sdmuashr, you have forgotten to tell us which power supplies you are using (single or dual supply)? In his first post he shows all voltages. The positive supply is +10.2V and the negative supply is -5V. With an input of 0.6V and an output of 5V to 7.35V then the voltage gain is low enough that input offset voltage doe
WHat is not shown is a gain control pot for the 1k resistor in the bottom right corner to ground. The 1st stage has ● HIGH OPEN-LOOP GAIN: 160dB ● low INPUT BIAS CURRENT: 10nA max ● low offset VOLTAGE: 75?V max The cap added tends to improve the phase margin and cuts lower than the (...)
any method to design a low offset CMOS amplifer? Without the auto-zero and chopper, besides the large size of the transistors, any other way to realize low offset? Thanks, Shawn
It is a tradeoff between your signal requirements output offset , gain and input offset of next stage. I would expect cap impedance should be same as source impedance at f range and much lower than load impedance. But that too is a tradeoff with low 1/f noise and signal (...)
Hey everyone, So I have this question: In a certain application an output signal with f=500 Hz is affected by a DC offset and a 400 KHz noise signal. Design, Simulate and implement a circuit that will cancel the offset and attenuate the noise signal by around 20 dB. Shall I design first a (...)
I am going to use a common Op-Amp configured as a differential op-amp high-side and low side current sensing to measure an AC load. The output of the op-amp go into the ADC of a MCU. I would like to ask is the offset voltage rating of the Op-Amp important when selecting the Op-Amp? Can I just subtract this offset from the (...)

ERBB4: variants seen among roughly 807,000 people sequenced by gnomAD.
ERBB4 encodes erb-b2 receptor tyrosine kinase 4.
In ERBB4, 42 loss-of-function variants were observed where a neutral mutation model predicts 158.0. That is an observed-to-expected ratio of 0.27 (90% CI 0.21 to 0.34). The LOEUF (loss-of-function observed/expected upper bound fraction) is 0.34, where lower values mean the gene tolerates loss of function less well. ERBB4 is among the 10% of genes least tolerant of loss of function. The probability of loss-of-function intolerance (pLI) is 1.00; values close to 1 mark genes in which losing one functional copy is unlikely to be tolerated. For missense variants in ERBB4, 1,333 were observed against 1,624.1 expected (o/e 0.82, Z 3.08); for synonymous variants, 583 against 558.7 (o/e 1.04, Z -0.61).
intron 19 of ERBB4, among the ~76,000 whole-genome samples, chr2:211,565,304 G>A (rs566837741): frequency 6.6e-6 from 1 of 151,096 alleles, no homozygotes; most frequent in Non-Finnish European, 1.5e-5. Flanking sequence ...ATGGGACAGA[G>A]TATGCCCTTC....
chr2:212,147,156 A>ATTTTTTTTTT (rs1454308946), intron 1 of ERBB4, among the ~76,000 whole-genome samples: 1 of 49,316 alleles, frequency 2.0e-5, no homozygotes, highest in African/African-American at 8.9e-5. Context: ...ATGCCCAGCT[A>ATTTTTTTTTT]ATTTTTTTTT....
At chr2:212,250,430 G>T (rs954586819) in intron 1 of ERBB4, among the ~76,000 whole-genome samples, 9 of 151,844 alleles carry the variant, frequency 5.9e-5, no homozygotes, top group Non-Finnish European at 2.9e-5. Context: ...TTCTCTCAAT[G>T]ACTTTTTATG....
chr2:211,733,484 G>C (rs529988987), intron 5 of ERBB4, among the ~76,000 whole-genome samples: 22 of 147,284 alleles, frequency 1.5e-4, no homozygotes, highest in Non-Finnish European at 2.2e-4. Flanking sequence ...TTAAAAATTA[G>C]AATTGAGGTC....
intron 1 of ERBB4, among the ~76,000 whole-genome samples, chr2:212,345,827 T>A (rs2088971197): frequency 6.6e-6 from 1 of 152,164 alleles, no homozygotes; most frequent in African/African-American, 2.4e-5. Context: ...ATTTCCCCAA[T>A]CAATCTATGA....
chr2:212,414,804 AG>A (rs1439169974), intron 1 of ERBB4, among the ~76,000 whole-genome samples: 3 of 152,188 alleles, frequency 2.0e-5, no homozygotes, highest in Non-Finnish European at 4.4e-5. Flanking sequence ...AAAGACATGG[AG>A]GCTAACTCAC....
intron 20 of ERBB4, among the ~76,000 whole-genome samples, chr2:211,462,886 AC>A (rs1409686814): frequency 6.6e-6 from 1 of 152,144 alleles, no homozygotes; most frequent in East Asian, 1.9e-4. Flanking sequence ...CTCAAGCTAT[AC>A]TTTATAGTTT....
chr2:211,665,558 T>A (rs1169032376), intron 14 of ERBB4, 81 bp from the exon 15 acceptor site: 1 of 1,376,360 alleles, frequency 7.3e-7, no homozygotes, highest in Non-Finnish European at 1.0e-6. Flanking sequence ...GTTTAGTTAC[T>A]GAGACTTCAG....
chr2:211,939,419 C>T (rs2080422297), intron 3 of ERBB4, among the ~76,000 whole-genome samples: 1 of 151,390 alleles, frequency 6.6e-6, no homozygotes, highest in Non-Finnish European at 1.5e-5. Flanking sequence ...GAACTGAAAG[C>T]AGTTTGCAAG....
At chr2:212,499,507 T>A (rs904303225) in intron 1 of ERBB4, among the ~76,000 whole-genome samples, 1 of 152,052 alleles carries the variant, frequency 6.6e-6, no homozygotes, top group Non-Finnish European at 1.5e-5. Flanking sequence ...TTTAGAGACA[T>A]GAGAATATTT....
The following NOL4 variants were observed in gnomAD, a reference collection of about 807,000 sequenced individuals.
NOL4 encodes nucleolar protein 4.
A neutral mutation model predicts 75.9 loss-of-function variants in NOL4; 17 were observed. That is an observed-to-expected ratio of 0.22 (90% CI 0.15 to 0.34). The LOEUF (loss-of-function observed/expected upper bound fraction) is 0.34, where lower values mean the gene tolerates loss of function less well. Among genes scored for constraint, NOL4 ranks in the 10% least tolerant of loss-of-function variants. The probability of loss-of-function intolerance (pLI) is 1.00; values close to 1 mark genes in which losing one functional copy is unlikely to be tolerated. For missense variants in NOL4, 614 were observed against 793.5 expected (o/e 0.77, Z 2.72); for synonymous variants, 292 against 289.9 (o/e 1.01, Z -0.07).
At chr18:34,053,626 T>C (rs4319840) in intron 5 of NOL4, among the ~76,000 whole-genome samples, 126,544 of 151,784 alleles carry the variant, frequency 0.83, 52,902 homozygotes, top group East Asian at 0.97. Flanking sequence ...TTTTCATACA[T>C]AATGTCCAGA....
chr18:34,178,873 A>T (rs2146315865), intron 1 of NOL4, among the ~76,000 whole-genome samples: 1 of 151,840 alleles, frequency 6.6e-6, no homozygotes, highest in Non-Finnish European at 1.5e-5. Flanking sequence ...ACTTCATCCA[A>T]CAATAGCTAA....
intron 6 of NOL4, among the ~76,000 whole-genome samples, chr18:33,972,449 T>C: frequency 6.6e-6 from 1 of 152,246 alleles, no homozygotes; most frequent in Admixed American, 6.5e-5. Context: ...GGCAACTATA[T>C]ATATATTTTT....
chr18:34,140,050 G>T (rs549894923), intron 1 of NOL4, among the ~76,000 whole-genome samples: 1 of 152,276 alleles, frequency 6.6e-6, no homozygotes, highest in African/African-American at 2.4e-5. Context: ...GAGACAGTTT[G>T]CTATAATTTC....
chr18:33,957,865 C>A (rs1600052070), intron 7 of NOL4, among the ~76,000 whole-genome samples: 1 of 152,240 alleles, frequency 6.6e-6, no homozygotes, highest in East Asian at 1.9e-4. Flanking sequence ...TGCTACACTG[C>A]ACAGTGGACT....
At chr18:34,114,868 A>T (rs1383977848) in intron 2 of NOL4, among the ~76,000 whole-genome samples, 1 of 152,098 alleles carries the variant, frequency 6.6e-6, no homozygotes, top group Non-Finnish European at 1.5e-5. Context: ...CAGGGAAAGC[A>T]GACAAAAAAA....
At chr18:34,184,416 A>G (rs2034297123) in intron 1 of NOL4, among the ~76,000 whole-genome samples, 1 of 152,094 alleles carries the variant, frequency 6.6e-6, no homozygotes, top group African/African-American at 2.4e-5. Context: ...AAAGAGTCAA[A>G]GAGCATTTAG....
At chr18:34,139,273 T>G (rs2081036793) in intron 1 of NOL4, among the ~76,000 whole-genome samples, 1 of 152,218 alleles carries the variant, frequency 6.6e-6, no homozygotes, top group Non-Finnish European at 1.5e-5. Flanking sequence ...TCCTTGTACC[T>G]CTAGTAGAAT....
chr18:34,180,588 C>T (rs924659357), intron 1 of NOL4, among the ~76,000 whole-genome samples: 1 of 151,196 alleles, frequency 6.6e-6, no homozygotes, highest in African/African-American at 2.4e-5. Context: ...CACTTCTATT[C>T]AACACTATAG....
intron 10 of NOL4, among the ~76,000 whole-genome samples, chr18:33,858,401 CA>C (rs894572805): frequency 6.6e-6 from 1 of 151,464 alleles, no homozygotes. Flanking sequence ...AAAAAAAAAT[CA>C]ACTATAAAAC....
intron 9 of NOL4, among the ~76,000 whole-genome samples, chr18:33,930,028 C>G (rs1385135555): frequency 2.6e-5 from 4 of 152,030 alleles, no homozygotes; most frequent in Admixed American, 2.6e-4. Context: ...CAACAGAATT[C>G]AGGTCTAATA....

If resistor values are high and board is uncoated, even relative humidity could make that kind of change. At such low input level, Vio drift and things like charge pumping of ambient 60Hz/120Hz hum could be at play. A copper box and a known-stable voltage meter might be a good thing to try. I see "520mV" (...)
The LM324/358 is not a good choice for your application. These opamps have bias currents (250nA) that will just kill your input measurement. For example. If you've got 250nA through a 100M resistor, that will drop 25Volts!!! You need to use a precision opamp with low bias and offset currents. I would also suggest you use a bridge circuit.
That's a low-pass, although I'm not sure what a 330E resistor is.
Hey guys, I was just wondering how i would make a voltage buffer/follower without using an opamp. I have used some class A (emitter follower) and AB amplifiers, but when my output is very low impedance, my output starts to saturate with an offset. I was wondering if you guys had any designs in mind with very (...)
The capacitor value will be chosen for sufficient low AC voltage drop. Then the voltage across the capacitor will be almost constant DC (of 2V) and not reverse.